Friday, February 24, 2006

Earthlink in the News

With the new partnership for Muni Wireless and the Helio deal there is a lot of chatter about Earthlink's future. The joint Earthlink Google SF bid is online too.

From Om:

"Like America Online, Earthlink has been in a desperate fight to make itself over, using any and every broadband technology. Broadband over powerlines, Fixed Wireless, MuniWireless, Broadband MVNO, and Voice over IP - anything to get off its dependency on incumbent - DSL or cable - access pipes.

Earthlink is currently planning WiFi networks in five cities, and the total cost of building networks in these cities will be in the $50 million range, according to informed industry insiders. Municipal Wireless is the easiest way for Earthlink to get out from under the yoke of large incumbents, and it has no option but to aggressively chase these opportunities. And to turn it into a viable business, many think the company needs to play in at least 20 cities, including some NFL towns.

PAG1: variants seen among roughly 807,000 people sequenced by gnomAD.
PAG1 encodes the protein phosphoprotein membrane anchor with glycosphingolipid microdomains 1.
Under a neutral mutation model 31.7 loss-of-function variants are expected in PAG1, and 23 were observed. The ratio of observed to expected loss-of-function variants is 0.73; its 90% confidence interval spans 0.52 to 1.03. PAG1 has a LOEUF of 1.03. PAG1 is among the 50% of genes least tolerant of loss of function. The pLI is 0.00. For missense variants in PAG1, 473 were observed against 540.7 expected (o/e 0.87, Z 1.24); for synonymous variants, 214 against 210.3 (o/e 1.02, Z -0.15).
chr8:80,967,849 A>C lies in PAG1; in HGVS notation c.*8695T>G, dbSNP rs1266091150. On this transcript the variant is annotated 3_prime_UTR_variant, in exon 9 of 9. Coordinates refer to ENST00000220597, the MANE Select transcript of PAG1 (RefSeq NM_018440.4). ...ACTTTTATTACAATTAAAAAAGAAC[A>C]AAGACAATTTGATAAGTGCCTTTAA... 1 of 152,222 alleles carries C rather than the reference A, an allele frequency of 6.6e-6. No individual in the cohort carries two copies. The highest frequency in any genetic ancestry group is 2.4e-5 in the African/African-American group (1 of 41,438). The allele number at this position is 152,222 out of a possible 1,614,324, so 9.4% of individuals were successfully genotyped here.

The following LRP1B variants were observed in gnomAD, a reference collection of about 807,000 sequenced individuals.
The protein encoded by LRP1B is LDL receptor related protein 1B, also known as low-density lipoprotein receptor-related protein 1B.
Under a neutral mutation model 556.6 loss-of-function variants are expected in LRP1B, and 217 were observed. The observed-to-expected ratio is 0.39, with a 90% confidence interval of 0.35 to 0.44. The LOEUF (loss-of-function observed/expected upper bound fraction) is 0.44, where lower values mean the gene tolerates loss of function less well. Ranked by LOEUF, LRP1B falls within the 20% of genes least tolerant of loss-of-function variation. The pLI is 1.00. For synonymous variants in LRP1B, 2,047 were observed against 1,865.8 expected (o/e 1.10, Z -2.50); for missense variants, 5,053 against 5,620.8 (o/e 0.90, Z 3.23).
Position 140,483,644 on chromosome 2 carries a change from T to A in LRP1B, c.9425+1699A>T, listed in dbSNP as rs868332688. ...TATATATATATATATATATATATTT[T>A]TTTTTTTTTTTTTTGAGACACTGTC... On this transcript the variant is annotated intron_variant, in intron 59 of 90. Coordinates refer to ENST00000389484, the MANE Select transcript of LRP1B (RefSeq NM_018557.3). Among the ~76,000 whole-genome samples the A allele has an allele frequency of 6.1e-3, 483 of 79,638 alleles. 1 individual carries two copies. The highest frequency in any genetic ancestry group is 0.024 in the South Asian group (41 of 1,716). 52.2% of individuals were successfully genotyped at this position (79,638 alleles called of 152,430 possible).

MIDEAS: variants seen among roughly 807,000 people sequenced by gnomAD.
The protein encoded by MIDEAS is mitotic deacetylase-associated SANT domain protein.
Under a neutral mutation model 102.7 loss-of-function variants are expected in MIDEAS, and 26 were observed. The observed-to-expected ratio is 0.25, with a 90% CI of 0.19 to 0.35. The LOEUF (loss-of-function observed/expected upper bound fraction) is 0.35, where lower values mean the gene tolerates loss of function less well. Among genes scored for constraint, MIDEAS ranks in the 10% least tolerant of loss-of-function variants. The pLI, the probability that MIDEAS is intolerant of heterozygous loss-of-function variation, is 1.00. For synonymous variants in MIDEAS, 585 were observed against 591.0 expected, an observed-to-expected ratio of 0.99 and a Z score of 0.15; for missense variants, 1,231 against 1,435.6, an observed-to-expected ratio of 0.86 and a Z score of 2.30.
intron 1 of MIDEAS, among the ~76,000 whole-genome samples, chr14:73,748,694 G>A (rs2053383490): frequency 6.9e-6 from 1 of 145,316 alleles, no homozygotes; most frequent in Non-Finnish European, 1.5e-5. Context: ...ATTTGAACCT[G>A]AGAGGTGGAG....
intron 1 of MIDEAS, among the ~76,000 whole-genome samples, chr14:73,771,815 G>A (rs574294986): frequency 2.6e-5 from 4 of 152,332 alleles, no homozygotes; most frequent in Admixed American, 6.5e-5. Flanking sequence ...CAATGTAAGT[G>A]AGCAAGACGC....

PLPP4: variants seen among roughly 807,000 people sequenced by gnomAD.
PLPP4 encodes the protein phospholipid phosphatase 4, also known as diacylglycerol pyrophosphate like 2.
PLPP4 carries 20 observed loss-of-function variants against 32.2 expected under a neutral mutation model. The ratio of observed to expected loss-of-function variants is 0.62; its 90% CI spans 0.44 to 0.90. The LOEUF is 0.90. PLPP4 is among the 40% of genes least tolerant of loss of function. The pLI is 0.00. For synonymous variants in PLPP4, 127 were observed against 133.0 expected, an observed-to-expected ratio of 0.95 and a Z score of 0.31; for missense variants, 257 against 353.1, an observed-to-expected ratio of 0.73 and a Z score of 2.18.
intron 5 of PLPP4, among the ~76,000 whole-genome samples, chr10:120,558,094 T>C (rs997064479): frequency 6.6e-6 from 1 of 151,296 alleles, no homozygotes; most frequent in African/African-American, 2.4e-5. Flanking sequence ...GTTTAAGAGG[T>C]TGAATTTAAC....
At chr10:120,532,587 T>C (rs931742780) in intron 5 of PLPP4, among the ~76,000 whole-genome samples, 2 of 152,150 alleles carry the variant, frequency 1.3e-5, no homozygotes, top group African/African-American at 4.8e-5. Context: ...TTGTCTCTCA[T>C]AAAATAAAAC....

It certainly has past history of spinning out businesses. Helio, their MVNO was spun-out and has received backing from SK Telecom of South Korea. So why not Muni Wireless Business? In recent days I have heard fleeting rumors about Earthlink spinning off the muniwireless business as a separate entity, including an investment from a big investment bank."

From Techdirt:

"This leads to Om's prediction that the company will spin off the muni-WiFi efforts, to see if it can be valued at a higher rate. This is the type of thing that could make sense from the Wall St. point of view where they seem to hate businesses that have multiple lines that are valued very differently. It's part of what leads to the "build 'em up, break 'em down" mentality of Wall Street (who, of course, gets fees at each step of the process).

However, as we discussed in that link, these types of deals may be good for shareholders in the short-term, but kill off much of the strategic value for companies in the long term. Where it makes sense for a company trying to transition its business to invest in separate lines, Wall Street doesn't seem to have the patience to understand that this actually does make sense, and would rather break things up and set them afloat alone immediately."

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